He’s baaaack! John Kramer (aka the Jigsaw Killer) has more life and death lessons to teach in Jigsaw, the eighth film in the Saw franchise and the first in seven years. Tobin Bell reprises his iconic role as the killer who devises ingenious deathtraps for those he feels do not appreciate the value of their lives. In Jigsaw, a new series of murders carry Kramer’s distinctive stamp; a neat trick seeing as how Kramer died in Saw III.
Bell spoke to Redbox about reviving John Kramer, his own love of radio, and what Jigsaw and Three Billboards Outside Ebbing, Missouri have in common.
Redbox: Were you surprised there would be a new Saw film after such a long break?
Tobin Bell: I wouldn’t say I was surprised because, frankly, I’ve been very impressed with the level of fan enthusiasm for the franchise. Even over the years we weren’t making the films, fans seemed really rabid about wanting more. So I was gratified they decided to give it a shot and even more gratified that fans responded to Jigsaw the way they did (the $10 million film earned more than $100 million at the box office worldwide).
Redbox: What drew you to playing John Kramer?
Tobin Bell: James Wan and Leigh Whannell (who co-wrote the original Saw) had very specific (themes) that we’ve held to as the films have progressed, like being grateful for one’s existence, or the treatment of the terminally ill by the medical community. They weren’t satisfied to just make a scary movie, and I wanted to honor that.
Redbox: How do you approach fleshing out a character over the course of eight films?
Tobin Bell: I keep a journal. I go into a CVS and I buy the kinds of composition books you used back in middle school. They travel well, I must say. I fill them with notes. Questions about a character prompt other questions, and hopefully I have enough answers so I can play this guy and be credible within my own skin.
Redbox: With the success of the first Saw, you became one of those overnight sensations who had actually been making films for 25 years. Do you think it benefited you as an actor to have a chance to develop your craft in the trenches rather than achieve instant success your first film out?
Tobin Bell: A resounding yes. I have done major motion pictures, but you learn a lot more doing crap. When something is not particularly well written, you have to work harder and smarter. It’s like playing tennis. You play on (lousy) courts with terrible nets and bad equipment, but once you get on a good court, you know how to make the most of an opportunity.
Redbox: You’ve had great opportunities, appearing in some of the best films of the last 35 years: Tootsie, The Firm, and In the Line of Fire, to name a few. Is there an experience among these that stands out for you?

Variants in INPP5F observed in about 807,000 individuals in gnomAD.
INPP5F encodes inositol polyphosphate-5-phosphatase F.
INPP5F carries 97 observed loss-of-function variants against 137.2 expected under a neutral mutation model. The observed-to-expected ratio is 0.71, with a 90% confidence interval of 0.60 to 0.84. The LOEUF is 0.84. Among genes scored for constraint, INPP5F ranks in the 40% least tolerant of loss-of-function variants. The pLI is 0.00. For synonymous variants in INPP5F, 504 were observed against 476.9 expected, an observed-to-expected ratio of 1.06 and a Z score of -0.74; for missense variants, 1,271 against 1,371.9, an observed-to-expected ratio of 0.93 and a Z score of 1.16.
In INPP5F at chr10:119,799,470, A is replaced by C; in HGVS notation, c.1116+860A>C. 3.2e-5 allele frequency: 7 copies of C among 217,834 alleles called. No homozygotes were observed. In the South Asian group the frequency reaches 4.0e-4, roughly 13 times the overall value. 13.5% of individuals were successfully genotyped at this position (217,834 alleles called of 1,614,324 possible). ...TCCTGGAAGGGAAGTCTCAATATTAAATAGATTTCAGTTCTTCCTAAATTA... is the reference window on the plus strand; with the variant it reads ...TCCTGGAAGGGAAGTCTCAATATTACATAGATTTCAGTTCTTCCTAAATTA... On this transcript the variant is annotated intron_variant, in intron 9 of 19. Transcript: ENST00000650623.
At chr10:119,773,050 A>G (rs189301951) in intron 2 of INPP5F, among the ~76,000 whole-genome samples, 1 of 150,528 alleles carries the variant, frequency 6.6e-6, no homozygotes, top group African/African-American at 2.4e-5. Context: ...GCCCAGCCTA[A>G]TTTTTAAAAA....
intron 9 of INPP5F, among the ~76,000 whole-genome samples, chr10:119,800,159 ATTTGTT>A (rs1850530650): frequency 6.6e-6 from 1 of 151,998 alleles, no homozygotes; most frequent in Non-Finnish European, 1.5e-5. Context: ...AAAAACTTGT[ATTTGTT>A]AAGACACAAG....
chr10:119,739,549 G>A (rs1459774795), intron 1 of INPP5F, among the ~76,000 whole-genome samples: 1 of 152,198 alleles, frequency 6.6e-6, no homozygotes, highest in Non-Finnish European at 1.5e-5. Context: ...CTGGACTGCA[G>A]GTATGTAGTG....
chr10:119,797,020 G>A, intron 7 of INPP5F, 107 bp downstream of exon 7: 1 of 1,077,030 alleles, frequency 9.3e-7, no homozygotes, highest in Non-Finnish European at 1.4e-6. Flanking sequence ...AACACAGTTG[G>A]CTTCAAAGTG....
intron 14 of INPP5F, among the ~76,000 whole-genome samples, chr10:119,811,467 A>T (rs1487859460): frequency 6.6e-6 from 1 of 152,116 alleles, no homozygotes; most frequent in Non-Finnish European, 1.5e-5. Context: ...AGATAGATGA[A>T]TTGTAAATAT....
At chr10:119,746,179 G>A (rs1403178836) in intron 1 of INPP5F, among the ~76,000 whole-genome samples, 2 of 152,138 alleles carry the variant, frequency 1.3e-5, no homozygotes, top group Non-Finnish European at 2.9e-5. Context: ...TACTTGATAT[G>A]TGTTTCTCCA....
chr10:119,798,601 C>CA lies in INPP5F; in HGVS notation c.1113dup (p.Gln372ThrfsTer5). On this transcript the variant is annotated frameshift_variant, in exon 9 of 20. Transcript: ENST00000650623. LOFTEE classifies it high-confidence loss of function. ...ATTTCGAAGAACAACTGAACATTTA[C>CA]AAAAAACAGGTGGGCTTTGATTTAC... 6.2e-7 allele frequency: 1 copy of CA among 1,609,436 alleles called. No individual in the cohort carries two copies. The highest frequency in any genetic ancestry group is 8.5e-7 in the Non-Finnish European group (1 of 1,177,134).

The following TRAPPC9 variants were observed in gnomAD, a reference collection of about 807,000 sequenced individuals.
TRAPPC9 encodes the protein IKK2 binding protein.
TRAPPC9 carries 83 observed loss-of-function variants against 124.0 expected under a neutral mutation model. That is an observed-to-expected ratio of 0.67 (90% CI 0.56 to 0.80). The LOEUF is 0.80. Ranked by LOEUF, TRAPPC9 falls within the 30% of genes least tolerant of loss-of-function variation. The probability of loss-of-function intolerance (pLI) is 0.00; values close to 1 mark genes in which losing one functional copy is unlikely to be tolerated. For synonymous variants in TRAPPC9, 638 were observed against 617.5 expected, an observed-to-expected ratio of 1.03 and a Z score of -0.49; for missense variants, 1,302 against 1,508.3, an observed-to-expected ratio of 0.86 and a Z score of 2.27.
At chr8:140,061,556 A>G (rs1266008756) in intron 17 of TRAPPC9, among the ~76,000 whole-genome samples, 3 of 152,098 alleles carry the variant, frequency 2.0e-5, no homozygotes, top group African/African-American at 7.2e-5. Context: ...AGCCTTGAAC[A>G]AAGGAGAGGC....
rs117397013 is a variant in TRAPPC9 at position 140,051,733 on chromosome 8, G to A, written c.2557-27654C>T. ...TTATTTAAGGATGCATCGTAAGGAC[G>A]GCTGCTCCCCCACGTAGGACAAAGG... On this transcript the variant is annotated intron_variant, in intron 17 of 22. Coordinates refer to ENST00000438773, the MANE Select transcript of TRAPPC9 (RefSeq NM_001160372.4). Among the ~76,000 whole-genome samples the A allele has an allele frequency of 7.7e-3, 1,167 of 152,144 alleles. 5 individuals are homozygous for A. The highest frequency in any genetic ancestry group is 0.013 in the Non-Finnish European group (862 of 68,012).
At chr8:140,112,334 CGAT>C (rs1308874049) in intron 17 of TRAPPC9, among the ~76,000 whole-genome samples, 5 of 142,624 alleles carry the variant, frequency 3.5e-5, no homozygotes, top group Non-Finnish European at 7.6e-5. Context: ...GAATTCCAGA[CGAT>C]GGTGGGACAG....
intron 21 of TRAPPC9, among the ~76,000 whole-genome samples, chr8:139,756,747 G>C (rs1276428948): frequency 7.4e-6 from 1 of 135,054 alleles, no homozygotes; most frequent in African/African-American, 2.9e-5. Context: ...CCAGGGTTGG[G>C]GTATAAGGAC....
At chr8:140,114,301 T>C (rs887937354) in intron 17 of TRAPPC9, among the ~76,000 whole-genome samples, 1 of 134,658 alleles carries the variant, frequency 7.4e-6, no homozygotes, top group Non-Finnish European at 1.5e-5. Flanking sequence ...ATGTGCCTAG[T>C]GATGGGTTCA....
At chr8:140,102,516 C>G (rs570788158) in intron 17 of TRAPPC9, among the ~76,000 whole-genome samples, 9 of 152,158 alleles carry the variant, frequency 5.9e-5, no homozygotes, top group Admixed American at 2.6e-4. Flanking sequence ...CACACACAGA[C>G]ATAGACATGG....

Tobin Bell: Working with director Sidney Lumet on The Verdict. I played a courtroom reporter so I got a first row seat (in the courtroom). I could listen to what Sydney would suggest to Paul Newman or James Mason. I was there two and a half weeks, and I learned a great deal. I was a member of the Actors Studio and had worked in lots of plays, but my dream was to be a film actor. So I thought the closer I got to the camera, the more I would be closer to the day-to-day reality of what that kind of work is.
Redbox: Your mother was an actress and your father was in radio. With your distinctive voice, did you ever consider a career in broadcasting?
Redbox: Yeah, I did! My father used to do an early morning radio show on a small station in Massachusetts. He got up at four in the morning and he was on the air by five. There were times they didn’t have anybody who would get up at that hour, so sometimes he dragged me out of bed, threw me in the car, and drove 30 miles to the frickin radio station to do his new breaks. I was 15 years-old. I love radio. All the (musical) greats like Bob Dylan learned what they learned listening late at night to (out-of-state) stations. When I went to camp I would listen to Red Sox games under the covers on a portable radio.
Redbox: The movies have given us Freddy vs. Jason and Alien vs. Predator. How do you think Jigsaw would match up against those move monsters?
Tobin Bell: (Laughs) I have absolutely no idea. I have met Robert Englund (Freddy Krueger). What a great guy.
Redbox: The Oscar nominations were just announced. Do you have a favorite film from this year?
Tobin Bell: Three Billboards Outside of Ebbing, Missouri. I absolutely loved it. I love the performances, but most of all, it comes down to the writing. I hate to make this jump, but I thought Josh Stolberg’s writing on Jigsaw was very strong. I’m so excited that Millennials will be able to add it to their Saw collection.
Redbox: If there is another film in the series, do you want to play Jigsaw again or are you ready to pass the torch?
Tobin Bell: I pass no torches! John Kramer is a huge character, and there are nooks and crannies that have not been fully explored. Lets talk about the origins of (the puppet) Billy, for example.